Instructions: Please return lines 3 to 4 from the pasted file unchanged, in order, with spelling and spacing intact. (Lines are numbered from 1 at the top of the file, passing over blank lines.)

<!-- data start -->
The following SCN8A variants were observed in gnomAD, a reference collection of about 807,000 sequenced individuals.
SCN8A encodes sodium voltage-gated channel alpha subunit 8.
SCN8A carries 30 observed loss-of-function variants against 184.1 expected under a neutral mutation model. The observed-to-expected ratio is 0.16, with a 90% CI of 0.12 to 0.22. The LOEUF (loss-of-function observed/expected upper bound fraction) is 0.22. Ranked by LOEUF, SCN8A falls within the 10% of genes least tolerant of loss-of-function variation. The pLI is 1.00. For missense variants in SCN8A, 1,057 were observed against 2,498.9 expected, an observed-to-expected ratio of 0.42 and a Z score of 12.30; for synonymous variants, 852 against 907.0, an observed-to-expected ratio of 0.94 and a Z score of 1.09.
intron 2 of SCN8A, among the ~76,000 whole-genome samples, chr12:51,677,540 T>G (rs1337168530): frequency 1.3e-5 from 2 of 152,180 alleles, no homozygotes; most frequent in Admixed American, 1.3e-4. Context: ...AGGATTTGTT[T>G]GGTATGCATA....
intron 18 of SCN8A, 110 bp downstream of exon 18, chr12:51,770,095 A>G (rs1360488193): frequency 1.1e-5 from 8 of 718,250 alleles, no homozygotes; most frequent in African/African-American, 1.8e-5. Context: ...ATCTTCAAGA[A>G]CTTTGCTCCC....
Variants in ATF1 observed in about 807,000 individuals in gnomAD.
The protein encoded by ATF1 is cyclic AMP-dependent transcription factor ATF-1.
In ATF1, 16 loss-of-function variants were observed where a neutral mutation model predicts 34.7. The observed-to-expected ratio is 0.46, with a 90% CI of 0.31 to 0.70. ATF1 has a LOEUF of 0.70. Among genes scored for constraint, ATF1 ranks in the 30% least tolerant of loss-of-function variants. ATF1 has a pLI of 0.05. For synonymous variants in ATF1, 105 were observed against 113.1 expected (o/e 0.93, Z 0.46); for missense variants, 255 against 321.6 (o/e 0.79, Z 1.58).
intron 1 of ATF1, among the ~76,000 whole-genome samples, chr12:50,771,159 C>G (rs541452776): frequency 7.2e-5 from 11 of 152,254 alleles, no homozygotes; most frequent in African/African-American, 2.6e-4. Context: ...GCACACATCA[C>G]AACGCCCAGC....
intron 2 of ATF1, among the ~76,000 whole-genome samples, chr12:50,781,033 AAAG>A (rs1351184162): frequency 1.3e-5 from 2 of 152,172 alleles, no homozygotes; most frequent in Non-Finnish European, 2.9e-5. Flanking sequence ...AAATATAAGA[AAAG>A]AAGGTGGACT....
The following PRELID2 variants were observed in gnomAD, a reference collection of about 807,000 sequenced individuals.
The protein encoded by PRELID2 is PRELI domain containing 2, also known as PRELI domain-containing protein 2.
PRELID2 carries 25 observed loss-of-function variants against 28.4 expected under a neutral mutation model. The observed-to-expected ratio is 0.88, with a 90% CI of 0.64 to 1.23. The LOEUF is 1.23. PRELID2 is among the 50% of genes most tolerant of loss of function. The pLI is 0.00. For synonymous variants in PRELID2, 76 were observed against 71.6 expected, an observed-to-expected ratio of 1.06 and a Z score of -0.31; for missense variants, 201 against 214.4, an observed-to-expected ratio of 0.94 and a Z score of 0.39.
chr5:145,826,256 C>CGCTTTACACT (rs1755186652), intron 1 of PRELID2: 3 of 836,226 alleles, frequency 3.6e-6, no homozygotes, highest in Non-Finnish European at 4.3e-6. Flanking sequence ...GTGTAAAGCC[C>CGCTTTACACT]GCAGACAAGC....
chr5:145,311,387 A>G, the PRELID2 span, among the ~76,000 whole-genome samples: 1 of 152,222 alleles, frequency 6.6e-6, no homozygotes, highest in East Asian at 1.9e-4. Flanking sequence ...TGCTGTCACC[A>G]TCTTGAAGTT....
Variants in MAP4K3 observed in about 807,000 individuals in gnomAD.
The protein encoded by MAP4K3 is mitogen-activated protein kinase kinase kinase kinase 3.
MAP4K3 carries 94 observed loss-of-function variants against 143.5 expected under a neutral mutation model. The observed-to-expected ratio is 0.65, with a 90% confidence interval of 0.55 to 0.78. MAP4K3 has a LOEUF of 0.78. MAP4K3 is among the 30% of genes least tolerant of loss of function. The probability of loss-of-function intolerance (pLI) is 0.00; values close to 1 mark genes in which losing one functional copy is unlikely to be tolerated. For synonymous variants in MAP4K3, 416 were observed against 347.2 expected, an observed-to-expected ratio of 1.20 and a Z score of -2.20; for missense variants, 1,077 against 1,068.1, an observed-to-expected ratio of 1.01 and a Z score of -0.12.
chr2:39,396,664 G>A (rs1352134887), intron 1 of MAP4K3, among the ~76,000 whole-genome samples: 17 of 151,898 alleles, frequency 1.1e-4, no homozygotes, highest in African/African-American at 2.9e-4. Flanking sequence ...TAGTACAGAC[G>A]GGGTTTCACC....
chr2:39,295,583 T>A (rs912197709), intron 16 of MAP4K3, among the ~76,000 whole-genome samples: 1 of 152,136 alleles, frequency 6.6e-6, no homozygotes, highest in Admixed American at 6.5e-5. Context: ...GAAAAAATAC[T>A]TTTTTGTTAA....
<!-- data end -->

SCN8A carries 30 observed loss-of-function variants against 184.1 expected under a neutral mutation model. The observed-to-expected ratio is 0.16, with a 90% CI of 0.12 to 0.22. The LOEUF (loss-of-function observed/expected upper bound fraction) is 0.22. Ranked by LOEUF, SCN8A falls within the 10% of genes least tolerant of loss-of-function variation. The pLI is 1.00. For missense variants in SCN8A, 1,057 were observed against 2,498.9 expected, an observed-to-expected ratio of 0.42 and a Z score of 12.30; for synonymous variants, 852 against 907.0, an observed-to-expected ratio of 0.94 and a Z score of 1.09.
intron 2 of SCN8A, among the ~76,000 whole-genome samples, chr12:51,677,540 T>G (rs1337168530): frequency 1.3e-5 from 2 of 152,180 alleles, no homozygotes; most frequent in Admixed American, 1.3e-4. Context: ...AGGATTTGTT[T>G]GGTATGCATA....